Houston: As the Flood Waters Came, So Did Courage and Compassion
September 1, 2017
Hope bursts through our tears from which life begins again, like the sprout from the stone.
Watching the flooding in Houston is painful.
Not as painful as being in the flood, but painful that we cannot know what suffering, fear, and tragedies are occurring right now. And painful because we feel we can do nothing other than give money and offer prayers.
The term “First Responders” headlined and entered our daily language after 9/11, when firemen who entered the World Trade Center to rescue those trapped, died as the Towers collapsed.
The term “First Responders” now encompasses anyone who can and does respond, not just the professional firefighters, police officers, Coast Guard or National Guard. Neighbors, citizens from neighboring states, healthcare workers, business owners – the list goes on. At great personal risk, and in some cases loss of life, people continue to step up.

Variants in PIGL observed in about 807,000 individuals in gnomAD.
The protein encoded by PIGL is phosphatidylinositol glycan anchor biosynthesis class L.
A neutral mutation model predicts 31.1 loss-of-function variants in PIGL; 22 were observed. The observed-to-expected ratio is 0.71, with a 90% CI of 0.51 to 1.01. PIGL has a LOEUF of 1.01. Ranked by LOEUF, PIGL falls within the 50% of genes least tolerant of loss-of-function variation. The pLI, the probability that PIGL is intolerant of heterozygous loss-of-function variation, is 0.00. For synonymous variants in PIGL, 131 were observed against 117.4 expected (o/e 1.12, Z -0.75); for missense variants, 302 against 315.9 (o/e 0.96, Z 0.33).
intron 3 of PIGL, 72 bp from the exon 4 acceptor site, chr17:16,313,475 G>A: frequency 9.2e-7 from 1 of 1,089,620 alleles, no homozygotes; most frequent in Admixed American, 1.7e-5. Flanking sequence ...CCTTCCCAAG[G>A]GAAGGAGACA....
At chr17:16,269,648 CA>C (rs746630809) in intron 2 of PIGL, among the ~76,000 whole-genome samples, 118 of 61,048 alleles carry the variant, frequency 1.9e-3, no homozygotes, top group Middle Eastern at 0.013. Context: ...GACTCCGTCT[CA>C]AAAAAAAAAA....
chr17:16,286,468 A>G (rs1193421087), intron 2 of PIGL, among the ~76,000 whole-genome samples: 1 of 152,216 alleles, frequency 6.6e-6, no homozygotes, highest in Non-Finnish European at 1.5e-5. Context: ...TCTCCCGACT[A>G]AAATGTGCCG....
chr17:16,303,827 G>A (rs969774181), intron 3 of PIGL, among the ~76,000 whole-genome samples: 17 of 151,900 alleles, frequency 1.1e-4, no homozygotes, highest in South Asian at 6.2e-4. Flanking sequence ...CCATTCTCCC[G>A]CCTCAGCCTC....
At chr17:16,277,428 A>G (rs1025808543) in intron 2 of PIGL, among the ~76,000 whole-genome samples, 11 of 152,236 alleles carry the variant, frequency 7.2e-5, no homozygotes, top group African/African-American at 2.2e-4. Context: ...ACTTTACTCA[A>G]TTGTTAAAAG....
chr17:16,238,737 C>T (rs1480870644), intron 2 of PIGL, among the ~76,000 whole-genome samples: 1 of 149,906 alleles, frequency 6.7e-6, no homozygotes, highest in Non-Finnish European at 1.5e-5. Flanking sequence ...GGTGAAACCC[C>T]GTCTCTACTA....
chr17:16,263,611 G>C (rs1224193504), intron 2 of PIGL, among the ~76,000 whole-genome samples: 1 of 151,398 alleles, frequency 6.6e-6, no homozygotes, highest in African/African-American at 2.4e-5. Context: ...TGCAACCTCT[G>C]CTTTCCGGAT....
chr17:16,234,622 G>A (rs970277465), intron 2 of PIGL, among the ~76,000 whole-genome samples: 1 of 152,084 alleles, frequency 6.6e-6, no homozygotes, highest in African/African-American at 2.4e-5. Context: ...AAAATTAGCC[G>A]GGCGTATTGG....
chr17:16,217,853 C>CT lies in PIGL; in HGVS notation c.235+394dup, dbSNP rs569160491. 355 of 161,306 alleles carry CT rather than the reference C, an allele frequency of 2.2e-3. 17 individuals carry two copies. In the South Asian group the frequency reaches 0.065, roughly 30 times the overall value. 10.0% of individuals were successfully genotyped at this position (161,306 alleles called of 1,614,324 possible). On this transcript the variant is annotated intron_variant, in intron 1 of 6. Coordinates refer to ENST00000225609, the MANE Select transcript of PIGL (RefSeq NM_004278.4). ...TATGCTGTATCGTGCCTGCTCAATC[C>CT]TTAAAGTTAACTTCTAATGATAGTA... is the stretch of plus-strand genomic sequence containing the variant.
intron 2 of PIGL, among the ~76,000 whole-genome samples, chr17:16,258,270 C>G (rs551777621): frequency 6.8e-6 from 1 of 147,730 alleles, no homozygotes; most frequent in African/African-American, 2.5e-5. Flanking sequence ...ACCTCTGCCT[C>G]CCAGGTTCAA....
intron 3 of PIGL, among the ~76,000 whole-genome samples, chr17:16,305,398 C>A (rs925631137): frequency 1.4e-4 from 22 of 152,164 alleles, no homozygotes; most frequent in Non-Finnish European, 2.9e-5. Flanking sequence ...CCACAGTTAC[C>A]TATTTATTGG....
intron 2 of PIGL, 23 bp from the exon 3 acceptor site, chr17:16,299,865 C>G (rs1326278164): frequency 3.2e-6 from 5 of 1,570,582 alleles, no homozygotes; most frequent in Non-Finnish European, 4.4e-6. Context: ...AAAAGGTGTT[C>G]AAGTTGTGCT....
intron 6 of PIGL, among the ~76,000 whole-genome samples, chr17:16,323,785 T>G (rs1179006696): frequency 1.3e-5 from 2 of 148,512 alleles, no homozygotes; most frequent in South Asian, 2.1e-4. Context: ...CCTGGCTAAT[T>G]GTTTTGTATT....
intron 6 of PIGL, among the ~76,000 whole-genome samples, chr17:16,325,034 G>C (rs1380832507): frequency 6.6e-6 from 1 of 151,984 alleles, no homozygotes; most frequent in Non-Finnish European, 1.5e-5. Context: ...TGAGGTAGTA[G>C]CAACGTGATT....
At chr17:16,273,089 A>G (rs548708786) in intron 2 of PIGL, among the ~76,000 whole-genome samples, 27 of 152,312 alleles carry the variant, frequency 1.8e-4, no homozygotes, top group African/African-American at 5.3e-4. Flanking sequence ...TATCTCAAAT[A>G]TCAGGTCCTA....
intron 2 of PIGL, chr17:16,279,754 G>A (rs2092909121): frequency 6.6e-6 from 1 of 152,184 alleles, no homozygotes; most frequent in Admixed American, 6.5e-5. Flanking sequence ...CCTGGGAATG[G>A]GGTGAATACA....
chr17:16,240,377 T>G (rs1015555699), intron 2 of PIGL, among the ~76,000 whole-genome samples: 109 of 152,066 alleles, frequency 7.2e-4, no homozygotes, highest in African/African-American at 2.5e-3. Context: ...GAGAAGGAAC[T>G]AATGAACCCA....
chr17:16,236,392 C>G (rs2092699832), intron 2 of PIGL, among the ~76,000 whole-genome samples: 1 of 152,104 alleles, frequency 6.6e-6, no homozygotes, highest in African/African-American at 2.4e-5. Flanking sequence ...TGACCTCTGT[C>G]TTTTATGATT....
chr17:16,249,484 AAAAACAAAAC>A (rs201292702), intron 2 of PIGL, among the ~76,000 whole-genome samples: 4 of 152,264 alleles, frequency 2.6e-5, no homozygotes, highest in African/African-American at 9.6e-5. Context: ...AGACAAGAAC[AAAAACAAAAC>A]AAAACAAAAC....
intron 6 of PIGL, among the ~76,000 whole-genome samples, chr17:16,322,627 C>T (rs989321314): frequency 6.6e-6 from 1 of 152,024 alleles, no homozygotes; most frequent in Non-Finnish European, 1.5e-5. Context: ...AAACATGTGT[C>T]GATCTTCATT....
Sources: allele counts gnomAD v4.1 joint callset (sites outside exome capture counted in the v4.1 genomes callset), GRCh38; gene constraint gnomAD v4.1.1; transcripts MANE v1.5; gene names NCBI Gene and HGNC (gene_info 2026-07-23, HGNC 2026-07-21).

And the story is not over yet.
That is what emergencies draw out of us. That when it comes down to it, we are all vulnerable, human, and cannot survive without each other.
It is what it means to be in a community, be a part of a community, to be human together with another, knowing our risks are equal.
We extend our deep appreciation for the compassion and courage of the healthcare community in Houston and the surrounding areas. And we pray for all those who are suffering and struggling to safety as I write this.
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